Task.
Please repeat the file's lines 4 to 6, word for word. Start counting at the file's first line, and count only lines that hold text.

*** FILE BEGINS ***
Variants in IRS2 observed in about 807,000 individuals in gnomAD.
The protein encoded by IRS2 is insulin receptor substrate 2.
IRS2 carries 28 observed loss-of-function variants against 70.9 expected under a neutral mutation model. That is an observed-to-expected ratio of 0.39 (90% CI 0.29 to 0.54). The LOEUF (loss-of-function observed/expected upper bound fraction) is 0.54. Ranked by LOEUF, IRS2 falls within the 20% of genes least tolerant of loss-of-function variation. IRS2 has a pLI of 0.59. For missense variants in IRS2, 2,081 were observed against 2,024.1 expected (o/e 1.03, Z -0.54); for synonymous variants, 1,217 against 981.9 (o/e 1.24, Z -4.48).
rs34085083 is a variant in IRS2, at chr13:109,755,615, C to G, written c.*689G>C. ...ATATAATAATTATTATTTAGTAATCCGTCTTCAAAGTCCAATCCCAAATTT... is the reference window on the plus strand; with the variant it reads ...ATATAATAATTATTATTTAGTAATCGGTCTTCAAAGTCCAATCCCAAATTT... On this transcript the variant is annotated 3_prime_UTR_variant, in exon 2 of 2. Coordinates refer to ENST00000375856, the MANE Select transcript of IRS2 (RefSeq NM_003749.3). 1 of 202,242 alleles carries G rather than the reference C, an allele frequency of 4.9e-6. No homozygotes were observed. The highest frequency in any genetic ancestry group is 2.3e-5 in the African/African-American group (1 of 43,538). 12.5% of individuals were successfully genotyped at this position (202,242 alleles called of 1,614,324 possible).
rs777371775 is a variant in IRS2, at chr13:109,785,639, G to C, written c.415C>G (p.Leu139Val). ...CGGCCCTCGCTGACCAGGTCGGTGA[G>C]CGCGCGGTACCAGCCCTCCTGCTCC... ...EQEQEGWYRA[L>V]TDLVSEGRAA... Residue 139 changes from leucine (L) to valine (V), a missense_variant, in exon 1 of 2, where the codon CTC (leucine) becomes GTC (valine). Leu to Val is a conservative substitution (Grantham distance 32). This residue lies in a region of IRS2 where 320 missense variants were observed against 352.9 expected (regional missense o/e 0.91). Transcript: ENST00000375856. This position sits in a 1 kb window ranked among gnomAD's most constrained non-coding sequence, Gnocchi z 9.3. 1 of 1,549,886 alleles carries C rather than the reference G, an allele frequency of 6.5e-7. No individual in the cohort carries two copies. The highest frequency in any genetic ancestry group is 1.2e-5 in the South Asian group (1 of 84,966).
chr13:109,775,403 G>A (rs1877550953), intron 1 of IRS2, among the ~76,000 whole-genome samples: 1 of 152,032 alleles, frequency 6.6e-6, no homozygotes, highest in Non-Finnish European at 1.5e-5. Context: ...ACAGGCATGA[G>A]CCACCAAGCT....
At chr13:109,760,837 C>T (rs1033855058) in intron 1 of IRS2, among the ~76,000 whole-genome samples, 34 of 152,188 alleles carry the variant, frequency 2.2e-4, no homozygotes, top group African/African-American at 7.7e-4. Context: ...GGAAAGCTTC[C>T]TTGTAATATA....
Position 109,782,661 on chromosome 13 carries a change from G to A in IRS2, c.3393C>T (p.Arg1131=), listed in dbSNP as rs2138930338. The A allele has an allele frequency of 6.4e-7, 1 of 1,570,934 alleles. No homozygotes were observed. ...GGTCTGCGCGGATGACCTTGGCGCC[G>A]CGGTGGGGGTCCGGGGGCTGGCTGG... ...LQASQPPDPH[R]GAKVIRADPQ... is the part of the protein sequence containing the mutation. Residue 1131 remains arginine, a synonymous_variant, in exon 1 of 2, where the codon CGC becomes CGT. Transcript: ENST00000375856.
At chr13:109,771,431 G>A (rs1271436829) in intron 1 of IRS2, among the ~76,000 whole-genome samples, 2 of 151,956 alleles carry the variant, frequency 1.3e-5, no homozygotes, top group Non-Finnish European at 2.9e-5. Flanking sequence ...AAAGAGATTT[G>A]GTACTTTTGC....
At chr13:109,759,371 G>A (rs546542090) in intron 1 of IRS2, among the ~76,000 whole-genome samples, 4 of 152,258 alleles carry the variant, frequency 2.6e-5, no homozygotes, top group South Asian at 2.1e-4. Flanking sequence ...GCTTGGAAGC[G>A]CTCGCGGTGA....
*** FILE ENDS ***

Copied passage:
rs34085083 is a variant in IRS2, at chr13:109,755,615, C to G, written c.*689G>C. ...ATATAATAATTATTATTTAGTAATCCGTCTTCAAAGTCCAATCCCAAATTT... is the reference window on the plus strand; with the variant it reads ...ATATAATAATTATTATTTAGTAATCGGTCTTCAAAGTCCAATCCCAAATTT... On this transcript the variant is annotated 3_prime_UTR_variant, in exon 2 of 2. Coordinates refer to ENST00000375856, the MANE Select transcript of IRS2 (RefSeq NM_003749.3). 1 of 202,242 alleles carries G rather than the reference C, an allele frequency of 4.9e-6. No homozygotes were observed. The highest frequency in any genetic ancestry group is 2.3e-5 in the African/African-American group (1 of 43,538). 12.5% of individuals were successfully genotyped at this position (202,242 alleles called of 1,614,324 possible).
rs777371775 is a variant in IRS2, at chr13:109,785,639, G to C, written c.415C>G (p.Leu139Val). ...CGGCCCTCGCTGACCAGGTCGGTGA[G>C]CGCGCGGTACCAGCCCTCCTGCTCC... ...EQEQEGWYRA[L>V]TDLVSEGRAA... Residue 139 changes from leucine (L) to valine (V), a missense_variant, in exon 1 of 2, where the codon CTC (leucine) becomes GTC (valine). Leu to Val is a conservative substitution (Grantham distance 32). This residue lies in a region of IRS2 where 320 missense variants were observed against 352.9 expected (regional missense o/e 0.91). Transcript: ENST00000375856. This position sits in a 1 kb window ranked among gnomAD's most constrained non-coding sequence, Gnocchi z 9.3. 1 of 1,549,886 alleles carries C rather than the reference G, an allele frequency of 6.5e-7. No individual in the cohort carries two copies. The highest frequency in any genetic ancestry group is 1.2e-5 in the South Asian group (1 of 84,966).
chr13:109,775,403 G>A (rs1877550953), intron 1 of IRS2, among the ~76,000 whole-genome samples: 1 of 152,032 alleles, frequency 6.6e-6, no homozygotes, highest in Non-Finnish European at 1.5e-5. Context: ...ACAGGCATGA[G>A]CCACCAAGCT....